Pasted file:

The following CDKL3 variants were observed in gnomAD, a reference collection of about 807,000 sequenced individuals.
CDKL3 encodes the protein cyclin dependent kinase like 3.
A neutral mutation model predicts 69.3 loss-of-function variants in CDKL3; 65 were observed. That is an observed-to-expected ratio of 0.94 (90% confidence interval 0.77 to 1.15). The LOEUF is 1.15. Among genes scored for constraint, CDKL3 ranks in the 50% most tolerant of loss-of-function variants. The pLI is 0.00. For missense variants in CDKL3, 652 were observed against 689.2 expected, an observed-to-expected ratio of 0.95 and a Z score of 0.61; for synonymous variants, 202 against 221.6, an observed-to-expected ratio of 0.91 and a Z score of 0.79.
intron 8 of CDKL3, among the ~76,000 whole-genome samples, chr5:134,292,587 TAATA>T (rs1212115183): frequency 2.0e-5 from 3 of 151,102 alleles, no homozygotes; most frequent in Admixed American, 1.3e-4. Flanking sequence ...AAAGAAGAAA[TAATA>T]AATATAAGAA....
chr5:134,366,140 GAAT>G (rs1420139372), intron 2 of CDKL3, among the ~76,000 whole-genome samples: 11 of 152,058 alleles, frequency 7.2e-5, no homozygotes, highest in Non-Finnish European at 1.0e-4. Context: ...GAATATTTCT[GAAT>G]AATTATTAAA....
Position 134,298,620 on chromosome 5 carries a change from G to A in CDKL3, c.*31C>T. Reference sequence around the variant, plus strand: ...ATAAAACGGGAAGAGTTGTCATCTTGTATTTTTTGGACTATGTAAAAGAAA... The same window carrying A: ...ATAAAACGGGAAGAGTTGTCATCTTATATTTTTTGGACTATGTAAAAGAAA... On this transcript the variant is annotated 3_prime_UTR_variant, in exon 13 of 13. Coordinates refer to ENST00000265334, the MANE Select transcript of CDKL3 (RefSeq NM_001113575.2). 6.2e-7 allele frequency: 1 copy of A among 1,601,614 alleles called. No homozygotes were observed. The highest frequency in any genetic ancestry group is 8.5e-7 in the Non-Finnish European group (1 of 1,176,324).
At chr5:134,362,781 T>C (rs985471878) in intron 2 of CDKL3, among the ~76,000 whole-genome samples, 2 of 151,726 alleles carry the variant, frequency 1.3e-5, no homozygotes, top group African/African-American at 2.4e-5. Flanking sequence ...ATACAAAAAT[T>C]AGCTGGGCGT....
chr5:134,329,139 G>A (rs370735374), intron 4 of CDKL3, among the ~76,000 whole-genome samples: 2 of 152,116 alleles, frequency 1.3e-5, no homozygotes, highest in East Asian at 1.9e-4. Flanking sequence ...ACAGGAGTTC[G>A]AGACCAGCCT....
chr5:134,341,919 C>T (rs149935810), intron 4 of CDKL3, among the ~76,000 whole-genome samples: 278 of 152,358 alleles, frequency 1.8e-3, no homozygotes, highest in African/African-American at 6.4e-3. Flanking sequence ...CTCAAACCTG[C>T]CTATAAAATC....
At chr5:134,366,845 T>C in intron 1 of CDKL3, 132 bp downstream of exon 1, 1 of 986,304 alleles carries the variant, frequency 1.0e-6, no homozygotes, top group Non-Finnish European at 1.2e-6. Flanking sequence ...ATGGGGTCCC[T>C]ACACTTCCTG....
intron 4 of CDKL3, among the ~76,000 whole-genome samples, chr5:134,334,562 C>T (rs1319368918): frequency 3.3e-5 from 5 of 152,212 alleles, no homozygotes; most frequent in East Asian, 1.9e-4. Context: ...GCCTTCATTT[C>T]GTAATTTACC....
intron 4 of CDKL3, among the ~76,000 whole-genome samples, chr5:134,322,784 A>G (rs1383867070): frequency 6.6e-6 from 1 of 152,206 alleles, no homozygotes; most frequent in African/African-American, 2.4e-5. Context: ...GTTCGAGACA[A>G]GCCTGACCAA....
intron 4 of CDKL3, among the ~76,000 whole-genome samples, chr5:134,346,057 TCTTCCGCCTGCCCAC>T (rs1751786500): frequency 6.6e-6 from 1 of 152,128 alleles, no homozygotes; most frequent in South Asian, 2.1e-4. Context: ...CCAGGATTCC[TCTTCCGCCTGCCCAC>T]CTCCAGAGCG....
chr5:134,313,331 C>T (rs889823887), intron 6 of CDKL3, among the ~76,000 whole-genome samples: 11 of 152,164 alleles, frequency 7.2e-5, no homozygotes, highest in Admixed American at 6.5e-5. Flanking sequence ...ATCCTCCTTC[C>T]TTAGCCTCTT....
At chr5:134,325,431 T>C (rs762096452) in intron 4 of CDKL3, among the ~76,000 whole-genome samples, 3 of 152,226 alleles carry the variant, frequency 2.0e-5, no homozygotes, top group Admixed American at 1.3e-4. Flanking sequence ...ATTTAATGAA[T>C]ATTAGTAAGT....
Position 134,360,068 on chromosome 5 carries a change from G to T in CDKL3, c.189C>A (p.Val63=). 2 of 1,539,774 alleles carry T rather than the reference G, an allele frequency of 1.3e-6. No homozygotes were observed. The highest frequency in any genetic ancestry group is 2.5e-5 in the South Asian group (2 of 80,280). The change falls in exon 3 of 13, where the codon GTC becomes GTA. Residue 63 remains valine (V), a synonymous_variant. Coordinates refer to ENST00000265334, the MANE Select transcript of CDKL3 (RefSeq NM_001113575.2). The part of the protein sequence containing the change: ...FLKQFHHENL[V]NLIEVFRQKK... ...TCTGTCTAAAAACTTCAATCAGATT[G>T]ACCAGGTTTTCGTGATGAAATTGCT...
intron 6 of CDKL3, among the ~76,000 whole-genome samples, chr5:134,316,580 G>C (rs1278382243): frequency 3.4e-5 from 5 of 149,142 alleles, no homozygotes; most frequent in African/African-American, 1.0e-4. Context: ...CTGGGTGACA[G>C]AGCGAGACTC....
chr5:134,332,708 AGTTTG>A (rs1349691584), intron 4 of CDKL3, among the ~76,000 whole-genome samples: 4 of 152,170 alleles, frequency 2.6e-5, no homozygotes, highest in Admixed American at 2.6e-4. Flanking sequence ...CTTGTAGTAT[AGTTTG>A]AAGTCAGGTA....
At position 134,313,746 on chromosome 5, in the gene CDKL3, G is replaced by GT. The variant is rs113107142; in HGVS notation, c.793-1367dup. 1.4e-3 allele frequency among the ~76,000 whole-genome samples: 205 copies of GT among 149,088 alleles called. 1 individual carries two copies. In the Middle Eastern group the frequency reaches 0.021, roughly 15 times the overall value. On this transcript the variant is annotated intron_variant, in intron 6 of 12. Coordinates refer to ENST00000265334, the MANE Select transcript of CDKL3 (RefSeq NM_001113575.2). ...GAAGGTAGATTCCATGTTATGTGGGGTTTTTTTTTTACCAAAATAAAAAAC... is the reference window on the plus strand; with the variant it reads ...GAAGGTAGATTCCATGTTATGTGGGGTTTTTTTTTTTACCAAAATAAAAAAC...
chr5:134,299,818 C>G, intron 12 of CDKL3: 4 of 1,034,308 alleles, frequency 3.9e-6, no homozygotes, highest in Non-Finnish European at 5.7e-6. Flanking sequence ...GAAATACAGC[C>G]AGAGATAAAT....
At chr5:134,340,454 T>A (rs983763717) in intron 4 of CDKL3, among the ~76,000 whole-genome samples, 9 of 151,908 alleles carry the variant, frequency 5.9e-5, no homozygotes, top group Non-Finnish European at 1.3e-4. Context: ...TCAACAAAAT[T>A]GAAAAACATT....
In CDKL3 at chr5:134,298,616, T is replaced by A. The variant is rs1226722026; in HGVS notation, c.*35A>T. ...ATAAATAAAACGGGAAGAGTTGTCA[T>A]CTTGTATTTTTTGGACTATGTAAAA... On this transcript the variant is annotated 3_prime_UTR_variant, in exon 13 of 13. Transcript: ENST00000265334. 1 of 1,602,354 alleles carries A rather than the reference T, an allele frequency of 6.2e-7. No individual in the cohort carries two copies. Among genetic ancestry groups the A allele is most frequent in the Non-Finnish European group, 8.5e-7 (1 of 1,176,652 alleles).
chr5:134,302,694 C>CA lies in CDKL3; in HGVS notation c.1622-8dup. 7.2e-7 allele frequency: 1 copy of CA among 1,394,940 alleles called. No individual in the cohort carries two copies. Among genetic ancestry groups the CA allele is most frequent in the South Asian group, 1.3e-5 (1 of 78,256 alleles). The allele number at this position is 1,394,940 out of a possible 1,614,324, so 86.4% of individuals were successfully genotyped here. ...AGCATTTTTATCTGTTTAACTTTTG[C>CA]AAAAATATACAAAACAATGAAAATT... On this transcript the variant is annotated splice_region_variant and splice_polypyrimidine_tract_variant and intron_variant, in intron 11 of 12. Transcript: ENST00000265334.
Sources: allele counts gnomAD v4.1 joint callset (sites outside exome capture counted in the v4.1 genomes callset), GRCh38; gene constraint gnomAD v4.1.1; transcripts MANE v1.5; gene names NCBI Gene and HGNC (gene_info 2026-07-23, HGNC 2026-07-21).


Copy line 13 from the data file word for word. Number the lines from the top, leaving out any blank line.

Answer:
intron 4 of CDKL3, among the ~76,000 whole-genome samples, chr5:134,346,057 TCTTCCGCCTGCCCAC>T (rs1751786500): frequency 6.6e-6 from 1 of 152,128 alleles, no homozygotes; most frequent in South Asian, 2.1e-4. Context: ...CCAGGATTCC[TCTTCCGCCTGCCCAC>T]CTCCAGAGCG....